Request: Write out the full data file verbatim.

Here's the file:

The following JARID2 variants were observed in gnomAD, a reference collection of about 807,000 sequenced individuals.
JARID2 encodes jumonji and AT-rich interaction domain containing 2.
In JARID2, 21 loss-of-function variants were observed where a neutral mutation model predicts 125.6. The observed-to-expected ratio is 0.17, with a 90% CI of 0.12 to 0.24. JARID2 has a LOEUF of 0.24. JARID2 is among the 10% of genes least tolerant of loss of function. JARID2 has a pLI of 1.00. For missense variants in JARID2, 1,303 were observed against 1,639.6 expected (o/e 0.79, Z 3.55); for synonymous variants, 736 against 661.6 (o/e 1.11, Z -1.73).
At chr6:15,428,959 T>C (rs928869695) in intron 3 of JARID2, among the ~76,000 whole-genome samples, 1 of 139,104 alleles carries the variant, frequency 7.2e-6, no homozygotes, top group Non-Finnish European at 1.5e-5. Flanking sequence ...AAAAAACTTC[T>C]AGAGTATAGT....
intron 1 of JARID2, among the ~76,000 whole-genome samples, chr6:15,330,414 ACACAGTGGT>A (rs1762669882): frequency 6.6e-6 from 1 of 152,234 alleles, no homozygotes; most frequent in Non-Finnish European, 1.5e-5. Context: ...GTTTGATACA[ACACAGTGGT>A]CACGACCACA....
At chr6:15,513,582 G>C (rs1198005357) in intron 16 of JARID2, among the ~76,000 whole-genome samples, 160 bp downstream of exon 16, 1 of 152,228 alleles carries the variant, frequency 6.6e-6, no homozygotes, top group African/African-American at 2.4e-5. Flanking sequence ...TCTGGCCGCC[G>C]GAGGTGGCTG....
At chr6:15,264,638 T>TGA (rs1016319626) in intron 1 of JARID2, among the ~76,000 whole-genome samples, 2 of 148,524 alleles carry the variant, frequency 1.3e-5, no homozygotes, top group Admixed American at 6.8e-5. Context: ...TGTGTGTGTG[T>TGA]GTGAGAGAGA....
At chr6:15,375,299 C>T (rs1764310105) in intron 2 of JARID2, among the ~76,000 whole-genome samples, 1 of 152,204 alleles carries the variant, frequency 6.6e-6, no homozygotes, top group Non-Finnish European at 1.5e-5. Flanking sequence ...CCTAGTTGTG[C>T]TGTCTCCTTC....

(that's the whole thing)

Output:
The following JARID2 variants were observed in gnomAD, a reference collection of about 807,000 sequenced individuals.
JARID2 encodes jumonji and AT-rich interaction domain containing 2.
In JARID2, 21 loss-of-function variants were observed where a neutral mutation model predicts 125.6. The observed-to-expected ratio is 0.17, with a 90% CI of 0.12 to 0.24. JARID2 has a LOEUF of 0.24. JARID2 is among the 10% of genes least tolerant of loss of function. JARID2 has a pLI of 1.00. For missense variants in JARID2, 1,303 were observed against 1,639.6 expected (o/e 0.79, Z 3.55); for synonymous variants, 736 against 661.6 (o/e 1.11, Z -1.73).
At chr6:15,428,959 T>C (rs928869695) in intron 3 of JARID2, among the ~76,000 whole-genome samples, 1 of 139,104 alleles carries the variant, frequency 7.2e-6, no homozygotes, top group Non-Finnish European at 1.5e-5. Flanking sequence ...AAAAAACTTC[T>C]AGAGTATAGT....
intron 1 of JARID2, among the ~76,000 whole-genome samples, chr6:15,330,414 ACACAGTGGT>A (rs1762669882): frequency 6.6e-6 from 1 of 152,234 alleles, no homozygotes; most frequent in Non-Finnish European, 1.5e-5. Context: ...GTTTGATACA[ACACAGTGGT>A]CACGACCACA....
At chr6:15,513,582 G>C (rs1198005357) in intron 16 of JARID2, among the ~76,000 whole-genome samples, 160 bp downstream of exon 16, 1 of 152,228 alleles carries the variant, frequency 6.6e-6, no homozygotes, top group African/African-American at 2.4e-5. Flanking sequence ...TCTGGCCGCC[G>C]GAGGTGGCTG....
At chr6:15,264,638 T>TGA (rs1016319626) in intron 1 of JARID2, among the ~76,000 whole-genome samples, 2 of 148,524 alleles carry the variant, frequency 1.3e-5, no homozygotes, top group Admixed American at 6.8e-5. Context: ...TGTGTGTGTG[T>TGA]GTGAGAGAGA....
At chr6:15,375,299 C>T (rs1764310105) in intron 2 of JARID2, among the ~76,000 whole-genome samples, 1 of 152,204 alleles carries the variant, frequency 6.6e-6, no homozygotes, top group Non-Finnish European at 1.5e-5. Flanking sequence ...CCTAGTTGTG[C>T]TGTCTCCTTC....